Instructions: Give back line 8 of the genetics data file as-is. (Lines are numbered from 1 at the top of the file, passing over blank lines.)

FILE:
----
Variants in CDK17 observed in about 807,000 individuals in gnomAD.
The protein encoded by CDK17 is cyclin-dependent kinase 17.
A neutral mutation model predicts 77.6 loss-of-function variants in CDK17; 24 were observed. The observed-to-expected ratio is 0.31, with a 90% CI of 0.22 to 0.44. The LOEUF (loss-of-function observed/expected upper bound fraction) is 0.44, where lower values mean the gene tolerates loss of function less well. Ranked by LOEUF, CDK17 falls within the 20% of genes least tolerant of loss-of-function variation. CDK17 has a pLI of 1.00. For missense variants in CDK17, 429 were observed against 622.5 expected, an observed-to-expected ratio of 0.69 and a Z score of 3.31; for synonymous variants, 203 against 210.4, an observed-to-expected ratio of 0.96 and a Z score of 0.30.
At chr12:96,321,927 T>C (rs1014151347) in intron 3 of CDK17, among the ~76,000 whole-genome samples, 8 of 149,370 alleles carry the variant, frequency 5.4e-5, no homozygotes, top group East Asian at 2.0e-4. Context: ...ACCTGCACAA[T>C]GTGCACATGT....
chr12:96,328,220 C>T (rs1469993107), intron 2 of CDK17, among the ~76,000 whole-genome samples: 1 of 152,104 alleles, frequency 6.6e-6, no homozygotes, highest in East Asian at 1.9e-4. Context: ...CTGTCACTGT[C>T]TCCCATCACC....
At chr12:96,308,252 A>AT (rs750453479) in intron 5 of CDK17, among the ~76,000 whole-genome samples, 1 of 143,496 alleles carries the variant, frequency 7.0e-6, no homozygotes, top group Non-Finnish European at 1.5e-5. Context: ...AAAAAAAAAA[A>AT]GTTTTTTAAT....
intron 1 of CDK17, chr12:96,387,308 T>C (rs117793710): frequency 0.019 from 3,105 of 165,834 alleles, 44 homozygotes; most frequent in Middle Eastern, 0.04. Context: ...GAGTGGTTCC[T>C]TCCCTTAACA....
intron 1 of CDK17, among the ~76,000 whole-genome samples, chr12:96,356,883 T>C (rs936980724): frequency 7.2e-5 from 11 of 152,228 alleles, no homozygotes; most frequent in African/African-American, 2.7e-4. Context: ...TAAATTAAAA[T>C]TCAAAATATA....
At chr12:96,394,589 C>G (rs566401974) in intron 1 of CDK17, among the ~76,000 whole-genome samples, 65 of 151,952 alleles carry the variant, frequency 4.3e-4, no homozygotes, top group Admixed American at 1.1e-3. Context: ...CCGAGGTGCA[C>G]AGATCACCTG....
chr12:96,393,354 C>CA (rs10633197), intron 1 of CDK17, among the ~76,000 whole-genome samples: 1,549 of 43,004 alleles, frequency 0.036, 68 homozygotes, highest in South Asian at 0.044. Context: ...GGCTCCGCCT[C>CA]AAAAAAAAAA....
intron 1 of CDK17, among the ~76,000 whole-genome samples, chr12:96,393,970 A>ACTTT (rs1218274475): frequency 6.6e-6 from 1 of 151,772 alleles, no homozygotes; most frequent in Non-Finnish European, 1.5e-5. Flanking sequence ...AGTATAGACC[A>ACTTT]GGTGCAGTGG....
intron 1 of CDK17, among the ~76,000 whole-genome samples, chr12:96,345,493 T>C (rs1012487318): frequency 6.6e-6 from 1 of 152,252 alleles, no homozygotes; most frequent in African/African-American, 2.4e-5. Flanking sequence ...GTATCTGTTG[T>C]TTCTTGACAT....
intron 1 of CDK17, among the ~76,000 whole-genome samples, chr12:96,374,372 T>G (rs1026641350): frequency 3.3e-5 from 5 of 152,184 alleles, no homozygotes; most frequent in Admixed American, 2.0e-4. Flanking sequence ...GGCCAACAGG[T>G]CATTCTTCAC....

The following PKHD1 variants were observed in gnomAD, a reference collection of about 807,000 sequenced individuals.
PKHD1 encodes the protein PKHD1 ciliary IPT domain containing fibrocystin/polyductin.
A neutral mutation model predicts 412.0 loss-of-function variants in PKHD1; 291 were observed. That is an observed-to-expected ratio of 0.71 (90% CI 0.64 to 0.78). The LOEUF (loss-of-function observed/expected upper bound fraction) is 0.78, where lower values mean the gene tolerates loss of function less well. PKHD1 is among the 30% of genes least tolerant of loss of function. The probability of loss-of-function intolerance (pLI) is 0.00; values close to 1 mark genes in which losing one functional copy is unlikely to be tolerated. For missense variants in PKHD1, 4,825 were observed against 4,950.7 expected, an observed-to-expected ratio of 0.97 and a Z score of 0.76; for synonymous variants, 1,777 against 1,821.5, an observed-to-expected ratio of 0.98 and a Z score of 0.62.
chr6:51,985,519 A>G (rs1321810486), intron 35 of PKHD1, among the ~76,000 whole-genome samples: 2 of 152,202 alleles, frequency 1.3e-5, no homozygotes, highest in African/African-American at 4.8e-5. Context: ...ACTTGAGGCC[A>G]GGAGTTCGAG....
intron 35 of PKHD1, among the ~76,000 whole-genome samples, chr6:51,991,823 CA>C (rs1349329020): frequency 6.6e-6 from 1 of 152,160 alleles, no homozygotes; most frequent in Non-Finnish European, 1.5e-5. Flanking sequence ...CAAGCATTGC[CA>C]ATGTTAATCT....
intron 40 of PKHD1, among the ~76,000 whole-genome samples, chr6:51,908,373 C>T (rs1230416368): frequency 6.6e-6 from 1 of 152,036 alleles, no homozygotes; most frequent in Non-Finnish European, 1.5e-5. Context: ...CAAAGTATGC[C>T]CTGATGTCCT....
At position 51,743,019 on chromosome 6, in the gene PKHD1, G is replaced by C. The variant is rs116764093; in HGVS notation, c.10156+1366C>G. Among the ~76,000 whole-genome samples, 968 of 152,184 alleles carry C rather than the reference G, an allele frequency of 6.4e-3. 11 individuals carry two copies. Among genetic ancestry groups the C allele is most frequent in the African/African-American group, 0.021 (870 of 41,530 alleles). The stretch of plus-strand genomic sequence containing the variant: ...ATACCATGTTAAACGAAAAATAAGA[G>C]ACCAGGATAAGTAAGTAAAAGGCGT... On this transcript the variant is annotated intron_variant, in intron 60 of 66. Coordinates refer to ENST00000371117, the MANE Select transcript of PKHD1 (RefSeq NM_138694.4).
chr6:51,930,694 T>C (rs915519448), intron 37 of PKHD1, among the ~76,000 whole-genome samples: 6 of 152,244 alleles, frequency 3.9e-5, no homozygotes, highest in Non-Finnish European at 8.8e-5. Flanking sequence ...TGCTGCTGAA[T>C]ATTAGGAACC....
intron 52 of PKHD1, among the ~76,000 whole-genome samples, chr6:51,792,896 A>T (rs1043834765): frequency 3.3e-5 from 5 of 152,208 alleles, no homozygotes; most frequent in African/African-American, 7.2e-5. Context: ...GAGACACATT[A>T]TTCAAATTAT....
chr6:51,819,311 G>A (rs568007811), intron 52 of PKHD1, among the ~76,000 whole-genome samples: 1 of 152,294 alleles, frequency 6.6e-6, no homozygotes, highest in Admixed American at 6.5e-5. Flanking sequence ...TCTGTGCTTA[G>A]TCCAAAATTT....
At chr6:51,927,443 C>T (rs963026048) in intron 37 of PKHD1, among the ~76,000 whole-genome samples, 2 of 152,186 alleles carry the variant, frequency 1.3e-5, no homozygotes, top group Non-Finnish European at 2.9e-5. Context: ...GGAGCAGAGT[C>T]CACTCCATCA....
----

intron 1 of CDK17, among the ~76,000 whole-genome samples, chr12:96,356,883 T>C (rs936980724): frequency 7.2e-5 from 11 of 152,228 alleles, no homozygotes; most frequent in African/African-American, 2.7e-4. Context: ...TAAATTAAAA[T>C]TCAAAATATA....